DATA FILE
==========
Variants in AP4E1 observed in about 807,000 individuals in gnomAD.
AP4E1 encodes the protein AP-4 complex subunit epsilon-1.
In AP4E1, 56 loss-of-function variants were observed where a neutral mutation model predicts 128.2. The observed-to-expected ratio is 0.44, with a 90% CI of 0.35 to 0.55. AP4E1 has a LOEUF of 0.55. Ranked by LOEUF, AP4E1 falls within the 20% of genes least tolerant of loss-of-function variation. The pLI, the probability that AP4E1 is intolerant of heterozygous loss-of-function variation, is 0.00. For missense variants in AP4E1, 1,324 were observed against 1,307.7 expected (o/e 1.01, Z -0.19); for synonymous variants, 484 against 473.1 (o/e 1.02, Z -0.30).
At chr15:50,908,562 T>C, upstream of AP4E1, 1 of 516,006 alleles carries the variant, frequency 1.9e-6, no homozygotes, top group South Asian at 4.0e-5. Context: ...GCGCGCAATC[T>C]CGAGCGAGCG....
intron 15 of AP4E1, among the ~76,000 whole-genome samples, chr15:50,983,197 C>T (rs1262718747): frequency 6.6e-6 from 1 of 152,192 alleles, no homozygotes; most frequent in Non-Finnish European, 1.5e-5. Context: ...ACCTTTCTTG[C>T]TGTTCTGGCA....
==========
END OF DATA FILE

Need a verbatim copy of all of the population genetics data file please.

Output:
Variants in AP4E1 observed in about 807,000 individuals in gnomAD.
AP4E1 encodes the protein AP-4 complex subunit epsilon-1.
In AP4E1, 56 loss-of-function variants were observed where a neutral mutation model predicts 128.2. The observed-to-expected ratio is 0.44, with a 90% CI of 0.35 to 0.55. AP4E1 has a LOEUF of 0.55. Ranked by LOEUF, AP4E1 falls within the 20% of genes least tolerant of loss-of-function variation. The pLI, the probability that AP4E1 is intolerant of heterozygous loss-of-function variation, is 0.00. For missense variants in AP4E1, 1,324 were observed against 1,307.7 expected (o/e 1.01, Z -0.19); for synonymous variants, 484 against 473.1 (o/e 1.02, Z -0.30).
At chr15:50,908,562 T>C, upstream of AP4E1, 1 of 516,006 alleles carries the variant, frequency 1.9e-6, no homozygotes, top group South Asian at 4.0e-5. Context: ...GCGCGCAATC[T>C]CGAGCGAGCG....
intron 15 of AP4E1, among the ~76,000 whole-genome samples, chr15:50,983,197 C>T (rs1262718747): frequency 6.6e-6 from 1 of 152,192 alleles, no homozygotes; most frequent in Non-Finnish European, 1.5e-5. Context: ...ACCTTTCTTG[C>T]TGTTCTGGCA....